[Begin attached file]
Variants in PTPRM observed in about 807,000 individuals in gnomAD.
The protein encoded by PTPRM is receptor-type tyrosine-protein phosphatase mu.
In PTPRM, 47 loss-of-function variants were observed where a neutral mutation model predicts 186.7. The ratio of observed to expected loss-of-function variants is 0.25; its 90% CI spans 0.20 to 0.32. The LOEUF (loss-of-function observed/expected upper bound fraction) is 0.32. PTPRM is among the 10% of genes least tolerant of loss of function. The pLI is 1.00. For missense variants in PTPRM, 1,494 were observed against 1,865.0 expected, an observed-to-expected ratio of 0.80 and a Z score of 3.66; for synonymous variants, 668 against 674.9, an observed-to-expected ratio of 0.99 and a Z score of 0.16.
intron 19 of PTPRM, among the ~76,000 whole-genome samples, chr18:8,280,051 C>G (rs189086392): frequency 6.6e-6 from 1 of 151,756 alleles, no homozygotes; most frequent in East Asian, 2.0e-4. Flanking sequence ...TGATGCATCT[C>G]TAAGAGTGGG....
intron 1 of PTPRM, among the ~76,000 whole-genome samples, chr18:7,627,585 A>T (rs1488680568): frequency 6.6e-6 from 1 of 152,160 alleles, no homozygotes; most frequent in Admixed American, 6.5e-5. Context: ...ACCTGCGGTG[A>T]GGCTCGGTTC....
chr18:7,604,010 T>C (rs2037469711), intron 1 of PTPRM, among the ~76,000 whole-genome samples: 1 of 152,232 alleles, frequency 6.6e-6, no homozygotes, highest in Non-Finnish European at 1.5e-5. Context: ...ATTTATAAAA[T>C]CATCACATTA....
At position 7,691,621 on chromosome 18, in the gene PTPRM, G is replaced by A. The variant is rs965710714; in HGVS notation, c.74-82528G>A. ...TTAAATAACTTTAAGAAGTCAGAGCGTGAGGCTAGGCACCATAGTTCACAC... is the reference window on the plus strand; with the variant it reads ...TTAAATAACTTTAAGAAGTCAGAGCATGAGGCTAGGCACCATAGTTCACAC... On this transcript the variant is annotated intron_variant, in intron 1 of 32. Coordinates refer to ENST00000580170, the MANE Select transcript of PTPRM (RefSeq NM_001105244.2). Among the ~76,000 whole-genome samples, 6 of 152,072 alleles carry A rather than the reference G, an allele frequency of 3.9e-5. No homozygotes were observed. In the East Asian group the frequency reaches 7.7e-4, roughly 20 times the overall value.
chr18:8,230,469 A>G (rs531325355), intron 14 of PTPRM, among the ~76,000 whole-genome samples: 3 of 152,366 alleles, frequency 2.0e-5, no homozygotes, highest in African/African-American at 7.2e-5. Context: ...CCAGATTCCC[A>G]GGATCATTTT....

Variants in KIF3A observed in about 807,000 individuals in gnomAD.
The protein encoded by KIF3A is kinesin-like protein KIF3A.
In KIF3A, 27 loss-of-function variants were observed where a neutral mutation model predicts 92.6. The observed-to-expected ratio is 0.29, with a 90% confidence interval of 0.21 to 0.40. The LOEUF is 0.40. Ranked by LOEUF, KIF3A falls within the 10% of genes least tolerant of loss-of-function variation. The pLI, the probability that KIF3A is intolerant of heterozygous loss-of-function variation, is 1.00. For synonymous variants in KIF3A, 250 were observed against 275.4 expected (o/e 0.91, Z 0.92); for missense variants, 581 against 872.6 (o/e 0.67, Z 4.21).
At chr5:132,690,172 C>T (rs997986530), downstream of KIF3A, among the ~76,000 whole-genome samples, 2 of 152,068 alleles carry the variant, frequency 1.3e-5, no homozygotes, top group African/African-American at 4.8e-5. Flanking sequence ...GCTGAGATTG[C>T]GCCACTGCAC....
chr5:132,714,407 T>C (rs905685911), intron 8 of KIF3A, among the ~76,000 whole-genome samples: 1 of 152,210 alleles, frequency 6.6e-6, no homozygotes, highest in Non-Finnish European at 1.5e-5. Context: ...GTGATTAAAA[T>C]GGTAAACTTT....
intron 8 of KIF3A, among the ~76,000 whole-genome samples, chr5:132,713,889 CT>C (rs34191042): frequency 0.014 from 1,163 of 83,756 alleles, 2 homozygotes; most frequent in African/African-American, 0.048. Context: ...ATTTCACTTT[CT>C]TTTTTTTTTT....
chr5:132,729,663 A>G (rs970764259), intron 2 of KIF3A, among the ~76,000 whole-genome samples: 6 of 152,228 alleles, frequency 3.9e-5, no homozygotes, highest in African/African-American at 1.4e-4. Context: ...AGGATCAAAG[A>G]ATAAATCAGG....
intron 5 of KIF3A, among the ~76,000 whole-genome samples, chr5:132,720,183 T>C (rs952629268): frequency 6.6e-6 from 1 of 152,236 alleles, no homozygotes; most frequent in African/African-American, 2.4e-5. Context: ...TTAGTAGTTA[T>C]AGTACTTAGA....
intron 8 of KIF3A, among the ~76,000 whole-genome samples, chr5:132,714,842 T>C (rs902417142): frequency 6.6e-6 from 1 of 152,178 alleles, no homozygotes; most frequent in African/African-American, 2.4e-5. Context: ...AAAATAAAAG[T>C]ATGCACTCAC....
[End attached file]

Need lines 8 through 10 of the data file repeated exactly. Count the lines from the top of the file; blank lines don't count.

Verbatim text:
chr18:8,230,469 A>G (rs531325355), intron 14 of PTPRM, among the ~76,000 whole-genome samples: 3 of 152,366 alleles, frequency 2.0e-5, no homozygotes, highest in African/African-American at 7.2e-5. Context: ...CCAGATTCCC[A>G]GGATCATTTT....

Variants in KIF3A observed in about 807,000 individuals in gnomAD.
The protein encoded by KIF3A is kinesin-like protein KIF3A.